Today we will go over Chapter 2; we are reading one chapter a week.
I encourage this to be slow blogging - the very opposite of "breaking". I will leave this on my hot list for a week, so comment any time during the week.
When we get near the end of GGS, I'll start a poll for the next book
Ground rules: I expect vigorous discussion. But I expect civil discussion. A sign I saw in a restaurant said
Be nice or leave
If you want to have a flame war, go elsewhere, please.
In Chapter 2, Diamond surveys the history of Polynesia in general, and of the Chatham Islands in particular.
Polynesia stretches New Zealand to Hawaii. It encompasses an incredible diversity of island, in terms of pretty much any characteristic you'd care to name: The islands vary in size (1/6 sq. mile to 103,000 sq mi), topography (atolls, volcanic islands, etc), climate (subantarctic to tropical, extremely dry to the wettest places on Earth), type of soil and everything else. The societies on the islands range from very egalitarian to very hierarchical. The density of population ranges from 5 per sq mile on the Chathams to 300 on Hawaii and to over 1,000 on tiny Anuta (that's almost the density in Bangladesh).
The Chathams are among the least favorable islands in Polynesia; located 500 miles east-southeast of New Zealand, they are too cold for the tropical crops the settlers brought with them around 1,000 AD, too far from other islands for regular contact, and they have relatively poor soil. After the initial settlement, they were isolated for several hundred years, until the Maori, on New Zealand wer told about them again. The name of the tribe changed from Maori to Moriori, they became hunter gatherers, with a very egalitarian and peaceful society.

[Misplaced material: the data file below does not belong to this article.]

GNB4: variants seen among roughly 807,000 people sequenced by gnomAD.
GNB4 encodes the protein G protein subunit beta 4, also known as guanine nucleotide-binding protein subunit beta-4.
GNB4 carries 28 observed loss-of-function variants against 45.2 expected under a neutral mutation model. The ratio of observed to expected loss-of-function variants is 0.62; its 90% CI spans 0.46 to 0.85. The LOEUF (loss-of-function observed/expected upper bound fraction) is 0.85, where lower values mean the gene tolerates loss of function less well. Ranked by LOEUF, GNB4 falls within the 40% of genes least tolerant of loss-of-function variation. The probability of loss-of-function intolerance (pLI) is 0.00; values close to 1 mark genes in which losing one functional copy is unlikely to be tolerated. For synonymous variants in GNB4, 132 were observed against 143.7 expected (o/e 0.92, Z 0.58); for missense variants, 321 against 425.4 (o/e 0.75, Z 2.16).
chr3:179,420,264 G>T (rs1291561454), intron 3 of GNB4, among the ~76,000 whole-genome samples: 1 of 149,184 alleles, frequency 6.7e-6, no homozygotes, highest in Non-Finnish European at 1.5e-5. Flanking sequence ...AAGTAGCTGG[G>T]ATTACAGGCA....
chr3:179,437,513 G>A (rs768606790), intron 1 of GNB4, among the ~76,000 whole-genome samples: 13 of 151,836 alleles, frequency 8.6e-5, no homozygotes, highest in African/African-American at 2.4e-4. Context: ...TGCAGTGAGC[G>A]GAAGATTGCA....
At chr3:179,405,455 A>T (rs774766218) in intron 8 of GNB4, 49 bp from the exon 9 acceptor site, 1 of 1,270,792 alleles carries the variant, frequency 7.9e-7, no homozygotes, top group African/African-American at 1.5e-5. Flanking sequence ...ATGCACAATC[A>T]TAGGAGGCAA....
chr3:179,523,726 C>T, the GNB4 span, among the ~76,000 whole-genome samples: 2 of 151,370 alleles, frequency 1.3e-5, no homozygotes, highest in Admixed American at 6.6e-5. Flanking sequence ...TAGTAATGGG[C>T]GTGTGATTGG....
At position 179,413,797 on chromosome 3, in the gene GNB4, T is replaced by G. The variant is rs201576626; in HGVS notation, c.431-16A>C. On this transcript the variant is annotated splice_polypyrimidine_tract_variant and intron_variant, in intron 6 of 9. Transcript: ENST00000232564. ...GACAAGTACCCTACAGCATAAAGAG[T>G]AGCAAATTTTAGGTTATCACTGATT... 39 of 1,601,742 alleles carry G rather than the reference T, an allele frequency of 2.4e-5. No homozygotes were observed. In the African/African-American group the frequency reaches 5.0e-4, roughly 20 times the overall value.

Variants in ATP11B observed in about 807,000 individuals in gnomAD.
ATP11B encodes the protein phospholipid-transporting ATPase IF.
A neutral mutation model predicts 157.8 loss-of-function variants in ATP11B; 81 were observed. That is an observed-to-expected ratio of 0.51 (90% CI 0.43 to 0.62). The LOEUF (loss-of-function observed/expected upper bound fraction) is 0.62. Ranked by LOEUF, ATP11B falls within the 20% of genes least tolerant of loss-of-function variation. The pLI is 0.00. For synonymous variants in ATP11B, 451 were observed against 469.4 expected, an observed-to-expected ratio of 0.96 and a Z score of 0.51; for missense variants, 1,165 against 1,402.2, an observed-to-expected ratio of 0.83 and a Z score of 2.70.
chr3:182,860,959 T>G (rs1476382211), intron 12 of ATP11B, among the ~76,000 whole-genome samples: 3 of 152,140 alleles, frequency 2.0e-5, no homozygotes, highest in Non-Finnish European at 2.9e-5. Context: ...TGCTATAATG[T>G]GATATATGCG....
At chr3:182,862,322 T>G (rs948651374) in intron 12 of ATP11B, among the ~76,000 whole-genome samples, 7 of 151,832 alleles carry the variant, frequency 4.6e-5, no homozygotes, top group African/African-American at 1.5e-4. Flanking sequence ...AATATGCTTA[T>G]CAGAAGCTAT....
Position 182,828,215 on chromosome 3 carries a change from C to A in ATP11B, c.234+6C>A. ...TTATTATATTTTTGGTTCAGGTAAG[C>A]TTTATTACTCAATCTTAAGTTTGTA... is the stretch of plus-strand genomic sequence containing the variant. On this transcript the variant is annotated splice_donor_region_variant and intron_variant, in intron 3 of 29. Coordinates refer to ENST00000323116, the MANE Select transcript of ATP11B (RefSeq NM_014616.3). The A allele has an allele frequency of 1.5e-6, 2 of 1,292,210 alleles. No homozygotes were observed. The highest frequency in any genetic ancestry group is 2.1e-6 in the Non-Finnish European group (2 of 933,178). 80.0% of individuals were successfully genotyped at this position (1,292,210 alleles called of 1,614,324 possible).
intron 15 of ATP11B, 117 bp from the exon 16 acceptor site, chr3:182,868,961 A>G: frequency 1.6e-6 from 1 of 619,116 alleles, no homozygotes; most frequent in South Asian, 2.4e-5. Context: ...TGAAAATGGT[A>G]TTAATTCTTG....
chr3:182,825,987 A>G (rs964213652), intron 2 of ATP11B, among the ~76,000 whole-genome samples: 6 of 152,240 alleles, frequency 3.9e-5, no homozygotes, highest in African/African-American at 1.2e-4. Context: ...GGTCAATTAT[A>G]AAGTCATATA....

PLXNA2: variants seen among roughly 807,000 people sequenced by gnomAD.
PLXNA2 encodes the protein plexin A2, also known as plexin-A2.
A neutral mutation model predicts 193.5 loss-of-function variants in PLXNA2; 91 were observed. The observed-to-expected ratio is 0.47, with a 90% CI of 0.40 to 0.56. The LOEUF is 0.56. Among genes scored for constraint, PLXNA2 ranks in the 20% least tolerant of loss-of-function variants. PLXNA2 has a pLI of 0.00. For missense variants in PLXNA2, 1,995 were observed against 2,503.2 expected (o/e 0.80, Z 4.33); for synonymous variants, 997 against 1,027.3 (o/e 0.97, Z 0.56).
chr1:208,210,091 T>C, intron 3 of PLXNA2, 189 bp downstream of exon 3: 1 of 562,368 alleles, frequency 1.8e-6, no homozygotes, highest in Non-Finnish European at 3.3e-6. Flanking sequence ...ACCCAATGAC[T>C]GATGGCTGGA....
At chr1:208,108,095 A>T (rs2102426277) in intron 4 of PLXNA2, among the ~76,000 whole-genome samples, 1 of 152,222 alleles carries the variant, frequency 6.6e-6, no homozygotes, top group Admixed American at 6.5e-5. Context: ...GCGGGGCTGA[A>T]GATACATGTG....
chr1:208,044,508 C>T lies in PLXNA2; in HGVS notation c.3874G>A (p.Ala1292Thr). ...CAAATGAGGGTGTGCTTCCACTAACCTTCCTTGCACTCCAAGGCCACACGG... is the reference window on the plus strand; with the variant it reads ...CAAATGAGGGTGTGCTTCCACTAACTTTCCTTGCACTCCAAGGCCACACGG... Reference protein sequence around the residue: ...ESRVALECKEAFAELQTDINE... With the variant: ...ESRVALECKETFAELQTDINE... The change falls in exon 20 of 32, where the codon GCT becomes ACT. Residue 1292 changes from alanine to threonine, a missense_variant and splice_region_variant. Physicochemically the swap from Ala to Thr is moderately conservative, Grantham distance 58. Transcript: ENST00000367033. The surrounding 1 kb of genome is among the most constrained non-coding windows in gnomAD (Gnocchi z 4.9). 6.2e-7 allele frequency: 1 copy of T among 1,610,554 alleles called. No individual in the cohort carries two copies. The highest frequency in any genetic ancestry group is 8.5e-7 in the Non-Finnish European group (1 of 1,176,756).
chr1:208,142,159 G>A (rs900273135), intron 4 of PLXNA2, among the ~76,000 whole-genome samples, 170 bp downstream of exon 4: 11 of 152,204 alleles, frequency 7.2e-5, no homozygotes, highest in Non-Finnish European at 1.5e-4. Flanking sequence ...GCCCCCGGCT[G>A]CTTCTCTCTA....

The north island of New Zealand, on the other hand, is much more favorable to human habitation, and the Maori on that island developed a complex civilization, and also a very warlike one. Tribes fought each other, and they raided other islands as well.
When the Maori rediscovered the Moriori, they enslaved and killed them all.
Diamond poses this Maori-Moriori interaction, and Polynesian history more generally, as a "natural experiment" in history. Polynesia offers a large diversity of habitats in a relatively small space; as such, it offers a sort of 'trial run' of Diamond's larger hypotheses about the history of the world.